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Customer Review

96 of 103 people found the following review helpful
5.0 out of 5 stars Must read, even if you want to disagree, November 25, 1998
This book asks a question that is interesting to many people: what factors explain the personality differences in people?
The author starts by reporting on studies that show that about half of the differences can be explained genetically. Most social scientists would agree with that assessment.
But what about the half that cannot be explained genetically? The author deals with this in three steps.
1. The _assumption_ that parenting style matters is attacked by showing that the evidence for it is merely anecdotal. Rigorous attempts to quantify the effect of parents fail to show more than a negligible impact.
2. An alternative theory is developed. She suggests, based on evolutionary biology, that there might be a greater role for peer groups than parents in shaping personality. This is a very interesting section of the book, because even outside of the context of the theory, the observations of how groups form and interact are interesting.
3. The author tries to provide empirical support for the "group socialization" theory. Ironically, to my untrained eye, this evidence appears to be largely of the anecdotal variety derided in step 1! And nowhere is there a clear demonstration of the quantitative importance of peer groups.
I believe that the author has succeeded in raising the "group socialization" theory to the same level of plausibility as the nurture assumption. But I came away feeling that neither theory is well supported.
I suspect that we may never prove that anything other than genetic factors matter in personality. A large component of the "other half" could be measurement error. A physical characteristic, such as eye color, is a relatively well-defined concept that can be measured fairly precisely. Not so with "intelligence" or "aggressiveness." These are fuzzy concepts, measured imperfectly. The mere attempt to measure these concepts induces random variation. Imagine how difficult it would be to explain height differences if we weren't quite sure what "height" really means, and if the measurements were based on rulers with 20 percent margins of error!
Try to read the book with an open mind.
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Showing 1-5 of 5 posts in this discussion
Initial post: May 24, 2007 9:32:19 AM PDT
Florizel says:
The author proposes a theory which is plausible largely because the alternatives have been excluded. If you had read and understood the book, you would understand that the "nurture assumption" is no longer tenable.

Posted on Jan 27, 2008 2:43:16 PM PST
Brian Kodi says:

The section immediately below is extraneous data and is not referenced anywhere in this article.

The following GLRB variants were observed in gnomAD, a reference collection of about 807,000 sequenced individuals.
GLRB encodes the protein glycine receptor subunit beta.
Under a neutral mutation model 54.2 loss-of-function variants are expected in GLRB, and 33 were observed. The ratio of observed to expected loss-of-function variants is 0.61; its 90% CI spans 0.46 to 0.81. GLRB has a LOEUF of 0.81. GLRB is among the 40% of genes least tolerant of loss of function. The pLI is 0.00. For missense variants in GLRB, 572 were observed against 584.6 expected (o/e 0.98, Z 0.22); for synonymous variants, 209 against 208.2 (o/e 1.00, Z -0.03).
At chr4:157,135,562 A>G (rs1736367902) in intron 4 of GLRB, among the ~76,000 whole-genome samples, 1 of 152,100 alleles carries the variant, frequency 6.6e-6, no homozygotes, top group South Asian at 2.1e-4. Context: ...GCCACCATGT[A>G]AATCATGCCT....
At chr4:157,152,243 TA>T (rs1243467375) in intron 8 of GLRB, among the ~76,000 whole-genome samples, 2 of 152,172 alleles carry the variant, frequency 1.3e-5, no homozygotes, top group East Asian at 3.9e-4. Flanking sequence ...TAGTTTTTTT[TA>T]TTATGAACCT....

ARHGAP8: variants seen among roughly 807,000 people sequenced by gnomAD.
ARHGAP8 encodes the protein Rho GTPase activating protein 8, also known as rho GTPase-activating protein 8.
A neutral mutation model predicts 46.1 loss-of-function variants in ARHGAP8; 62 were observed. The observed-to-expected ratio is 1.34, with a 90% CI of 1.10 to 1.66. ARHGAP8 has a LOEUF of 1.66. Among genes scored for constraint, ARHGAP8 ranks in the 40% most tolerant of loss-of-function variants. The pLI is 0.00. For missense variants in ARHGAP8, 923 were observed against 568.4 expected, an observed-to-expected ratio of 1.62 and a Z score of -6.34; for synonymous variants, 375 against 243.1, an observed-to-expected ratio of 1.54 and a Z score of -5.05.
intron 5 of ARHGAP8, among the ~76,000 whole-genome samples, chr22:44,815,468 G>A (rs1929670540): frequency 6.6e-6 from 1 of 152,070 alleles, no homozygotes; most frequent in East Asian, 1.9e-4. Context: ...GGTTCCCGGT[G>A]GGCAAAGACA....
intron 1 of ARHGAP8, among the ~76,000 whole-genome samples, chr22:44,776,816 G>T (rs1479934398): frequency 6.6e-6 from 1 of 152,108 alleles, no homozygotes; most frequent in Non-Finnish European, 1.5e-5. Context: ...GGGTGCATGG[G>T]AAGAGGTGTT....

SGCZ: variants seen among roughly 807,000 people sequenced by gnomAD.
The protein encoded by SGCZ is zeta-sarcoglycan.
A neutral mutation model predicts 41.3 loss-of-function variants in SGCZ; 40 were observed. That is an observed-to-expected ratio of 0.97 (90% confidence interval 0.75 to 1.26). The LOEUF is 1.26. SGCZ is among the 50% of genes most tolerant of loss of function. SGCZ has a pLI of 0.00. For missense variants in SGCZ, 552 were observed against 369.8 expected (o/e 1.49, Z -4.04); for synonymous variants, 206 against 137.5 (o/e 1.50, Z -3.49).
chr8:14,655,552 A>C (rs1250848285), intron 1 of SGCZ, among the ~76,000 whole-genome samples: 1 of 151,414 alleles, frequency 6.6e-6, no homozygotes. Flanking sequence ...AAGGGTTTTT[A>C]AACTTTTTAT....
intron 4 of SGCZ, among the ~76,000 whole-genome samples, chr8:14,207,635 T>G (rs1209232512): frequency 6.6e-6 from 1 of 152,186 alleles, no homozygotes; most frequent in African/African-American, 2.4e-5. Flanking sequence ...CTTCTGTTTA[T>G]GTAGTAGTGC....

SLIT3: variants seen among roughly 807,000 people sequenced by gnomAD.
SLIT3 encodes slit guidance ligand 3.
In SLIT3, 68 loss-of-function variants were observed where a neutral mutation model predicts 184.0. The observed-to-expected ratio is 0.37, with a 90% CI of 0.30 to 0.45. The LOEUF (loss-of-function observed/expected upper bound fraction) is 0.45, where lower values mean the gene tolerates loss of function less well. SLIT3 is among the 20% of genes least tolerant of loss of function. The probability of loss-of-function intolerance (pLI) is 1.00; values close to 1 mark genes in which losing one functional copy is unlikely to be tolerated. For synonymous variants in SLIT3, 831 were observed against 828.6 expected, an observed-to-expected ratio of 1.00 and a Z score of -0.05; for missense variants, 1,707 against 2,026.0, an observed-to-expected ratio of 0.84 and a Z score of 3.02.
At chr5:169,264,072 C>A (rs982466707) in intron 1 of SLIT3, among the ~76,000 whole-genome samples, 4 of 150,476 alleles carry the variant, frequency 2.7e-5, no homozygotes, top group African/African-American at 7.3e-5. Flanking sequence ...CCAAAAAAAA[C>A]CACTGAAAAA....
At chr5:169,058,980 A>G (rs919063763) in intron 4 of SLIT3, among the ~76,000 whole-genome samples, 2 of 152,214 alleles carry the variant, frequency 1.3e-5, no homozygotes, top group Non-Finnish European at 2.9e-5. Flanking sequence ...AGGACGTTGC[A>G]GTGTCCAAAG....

Mr. Kling,

How is it that if you feel neither theory is well supported (nurture and the author's), you gave the book 5 stars? Afterall, wasn't the author's main point of the book her group socialization theory?

Posted on Feb 12, 2008 7:13:16 AM PST
Bill Greene says:
I believe Dr Kling is substantially on target when he argues that personality traits are primarily genetic, and other influences, whether parental or peer group, play a smaller part. And he correctly suggests the lack of evidence that peer groups influence personality. The underlying bone of contention may be how important is "personality" in defining what a mature adult represents? The main impact of "nurturing" is to civilize the raw bundle of genetic mishmash that makes up a human being. It appears reasonable to believe that three infants born in the African bush, the Australian outback, or in Bronxville, New York, all have the same human potential. Their innate personalities may differ but those differences are inconsequential compared to the "civilizing" culture they are reared in. While it is very possible the Bronxville boy may well end up as an MIT PhD. and move on to win a Nobel Prize in Science, there is almost no chance the other two will. Plus, the MIT grad will probably have learned to fit in socially at the country club or the hunting lodge. Almost all the characteristics that distinguish these three individuals at maturity will be based on their environments and upbringing. While a winning personality may color a person's life, it is dwarfed by the cumulative impact of educational and social conditioning. All these books about personality traits appear to be arguing over the least important factor when it comes to the vital importance of how we raise each succeeding generation. It is not about making them appealing on a TV game show, or popular at the Club. It is about survival of the nation. Throughout history, societies that have prospered have been powered by a citizenry possessing very specific attributes that created progress. Luther, Cromwell, Adams, Newton, Coke and Blackstone played vital roles for their nations and in history's advances but who knows or cares about their personalities. Weren't Ben Franklin and John Adams equally important to America--even though one was fun'lovin and popular and the other was dourand given to narrow minded introspection?

Posted on Jul 21, 2010 12:32:39 PM PDT
[Deleted by the author on Jul 21, 2010 1:12:07 PM PDT]

Posted on Jan 16, 2014 10:54:12 AM PST
Last edited by the author on Jan 16, 2014 10:57:37 AM PST
If you've read many books on genetics influence on personality and behavior, you'd know how many errors there are in the research. A large part of what gets attributed to genetics is likely measurement error. For example, among many other books I could point to:

The Gene Illusion - Genetic Research in Psychiatry and Psychology Under the Microscope
by Jay Joseph
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